Laurie Williams Sowby
The Philadelphia Pennsylvania Temple is rising and changing the city’s skyline nearly three years after ground was broken in the historic downtown area.
The edifice is framed to its full height, and windows and a temporary roof are being installed. Block encases it all, and a granite veneer will be bolted on starting in late fall. Once the building is enclosed, work will move forward on the interior.
Project manager Tom Stepanko of L. F. Driscoll, the Philadelphia company teaming with Big D Construction from Utah in the joint venture, is enjoying the work, his first time on this type of project.
“It’s a rare treat to build something this beautiful,” said Mr. Stepanko. Comparing the temple’s thick block core — four feet thick at the base — with the usual standard of building for 15-20 years, he said, “This is built to last a lifetime.”
The 53,000-square-foot temple of neoclassical architecture has two towers reminiscent of the clock tower on Independence Hall a mile away; a statue of Angel Moroni will stand at the peak of one, overlooking the adjacent Vine Street Expressway and Benjamin Franklin Parkway. A low-profile mechanical services building is under construction on the same 1.6-acre site. Underground parking will be provided on two levels, and garden landscaping will enhance the grounds.
Brian Hatch, who is construction manager for Big D, said interior design will be patterned after Independence Hall and other buildings of the late 1700s, with architecture and period furnishings “appropriate to the history of this area.” The temple will contain two 60-seat ordinance rooms and four sealing rooms.
When the temple construction was first proposed, Mr. Stepanko was working elsewhere. “I knew this was the project I wanted to do,” he said, and is happy Driscoll was selected.
Neither he nor the union crews who work on the temple site are Latter-day Saints, yet “the workers are very respectful, and they’ve gained an appreciation for the LDS Church. I’d describe it as almost reverent,” he said.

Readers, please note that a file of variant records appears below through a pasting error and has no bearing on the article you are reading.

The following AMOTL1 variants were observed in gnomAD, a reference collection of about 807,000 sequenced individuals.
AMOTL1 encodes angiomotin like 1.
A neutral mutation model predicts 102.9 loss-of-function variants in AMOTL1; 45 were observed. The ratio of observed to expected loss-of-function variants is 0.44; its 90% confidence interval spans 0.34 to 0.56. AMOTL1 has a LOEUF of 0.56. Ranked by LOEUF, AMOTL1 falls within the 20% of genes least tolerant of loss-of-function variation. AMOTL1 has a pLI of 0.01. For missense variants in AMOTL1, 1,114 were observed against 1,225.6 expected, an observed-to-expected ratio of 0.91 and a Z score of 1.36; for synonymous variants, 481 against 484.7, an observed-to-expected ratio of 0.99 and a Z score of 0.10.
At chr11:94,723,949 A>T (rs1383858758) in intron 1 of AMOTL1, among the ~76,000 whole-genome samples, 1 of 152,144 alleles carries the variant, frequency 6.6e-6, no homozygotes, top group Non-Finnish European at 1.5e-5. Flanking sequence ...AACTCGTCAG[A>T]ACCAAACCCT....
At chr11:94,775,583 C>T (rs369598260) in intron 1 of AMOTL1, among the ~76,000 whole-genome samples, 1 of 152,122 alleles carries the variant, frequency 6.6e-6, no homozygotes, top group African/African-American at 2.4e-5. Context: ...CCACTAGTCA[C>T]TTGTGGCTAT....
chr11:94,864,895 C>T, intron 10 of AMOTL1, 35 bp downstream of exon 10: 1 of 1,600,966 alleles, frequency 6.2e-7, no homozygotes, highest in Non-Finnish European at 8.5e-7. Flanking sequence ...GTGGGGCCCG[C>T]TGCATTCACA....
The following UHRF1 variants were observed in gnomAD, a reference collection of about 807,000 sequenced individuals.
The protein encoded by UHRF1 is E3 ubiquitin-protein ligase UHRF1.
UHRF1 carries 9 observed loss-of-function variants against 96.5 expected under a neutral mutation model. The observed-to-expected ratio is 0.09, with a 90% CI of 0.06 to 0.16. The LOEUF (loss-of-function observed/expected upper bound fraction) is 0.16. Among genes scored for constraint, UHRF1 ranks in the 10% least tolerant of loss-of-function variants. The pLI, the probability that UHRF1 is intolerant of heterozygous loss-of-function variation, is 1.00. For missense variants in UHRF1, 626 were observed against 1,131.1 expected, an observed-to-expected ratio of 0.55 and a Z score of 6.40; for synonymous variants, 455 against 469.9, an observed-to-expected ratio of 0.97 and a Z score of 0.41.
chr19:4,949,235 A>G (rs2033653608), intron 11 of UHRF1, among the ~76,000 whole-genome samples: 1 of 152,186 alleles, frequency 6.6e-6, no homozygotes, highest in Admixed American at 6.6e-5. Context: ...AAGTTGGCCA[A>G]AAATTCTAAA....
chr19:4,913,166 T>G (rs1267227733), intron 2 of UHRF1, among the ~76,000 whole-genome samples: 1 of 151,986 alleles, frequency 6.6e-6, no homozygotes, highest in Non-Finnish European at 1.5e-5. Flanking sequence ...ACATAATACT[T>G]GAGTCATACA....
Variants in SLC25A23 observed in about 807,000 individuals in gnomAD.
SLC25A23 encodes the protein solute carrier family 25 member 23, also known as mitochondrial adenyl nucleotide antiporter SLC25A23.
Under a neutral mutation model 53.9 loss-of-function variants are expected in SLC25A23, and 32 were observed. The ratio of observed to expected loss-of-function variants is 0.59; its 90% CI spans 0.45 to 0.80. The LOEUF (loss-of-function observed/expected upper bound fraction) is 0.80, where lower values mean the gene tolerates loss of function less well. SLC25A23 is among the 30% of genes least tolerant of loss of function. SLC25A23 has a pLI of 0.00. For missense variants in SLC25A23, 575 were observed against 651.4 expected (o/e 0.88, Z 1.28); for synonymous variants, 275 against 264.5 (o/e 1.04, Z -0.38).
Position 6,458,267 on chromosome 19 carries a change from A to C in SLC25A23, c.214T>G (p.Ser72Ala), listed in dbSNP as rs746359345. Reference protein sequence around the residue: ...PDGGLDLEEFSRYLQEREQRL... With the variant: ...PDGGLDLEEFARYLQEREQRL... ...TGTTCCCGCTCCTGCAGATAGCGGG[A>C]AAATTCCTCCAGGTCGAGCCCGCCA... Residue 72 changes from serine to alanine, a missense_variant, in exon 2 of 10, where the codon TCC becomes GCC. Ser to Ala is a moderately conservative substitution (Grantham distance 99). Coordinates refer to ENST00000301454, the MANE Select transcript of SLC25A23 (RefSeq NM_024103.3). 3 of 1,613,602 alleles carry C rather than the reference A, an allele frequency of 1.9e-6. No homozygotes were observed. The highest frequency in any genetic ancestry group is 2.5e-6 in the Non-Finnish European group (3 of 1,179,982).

Neighbors who have watched the construction’s progress are also appreciative. Jennifer Tapner, executive director of the Watermark at Logan Square, the retirement living high-rise near the temple site, praised the project, mentioning how the Watermark’s feedback has been welcome from the beginning.
“Everyone who has represented the LDS Church has truly been a pleasure to deal with,” she said. “They have gone out of their way to build a strong relationship with the community and minimize any and all disturbances one might think of when dealing with a construction project so large.” She added, “We look forward to the beautiful enhancement to our cityscape.”
President Henry B. Eyring, presiding at the groundbreaking ceremony on Sept. 17, 2011, noted significant Church history events in Pennsylvania, including organization of the Philadelphia Branch on Joseph Smith’s birthday, Dec. 23, 1839, with the Prophet presiding. “I am sure he is rejoicing today to see us break ground and dedicate it for a temple of God where he began his work of preparation,” he told the audience.
The Philadelphia Pennsylvania Temple will serve 35,000 members in 10 stakes in Pennsylvania, New Jersey and Delaware. The Washington D.C. Temple and Manhattan New York Temple have been the nearest for members in this part of the United States for many years. Those members include Richard Burr of the Sewell Ward, Cherry Hill New Jersey Stake, whose health has limited his opportunities to bring family history research to fruition with temple ordinances. “I’m thrilled,” he said while visiting a temporary information trailer at the site.
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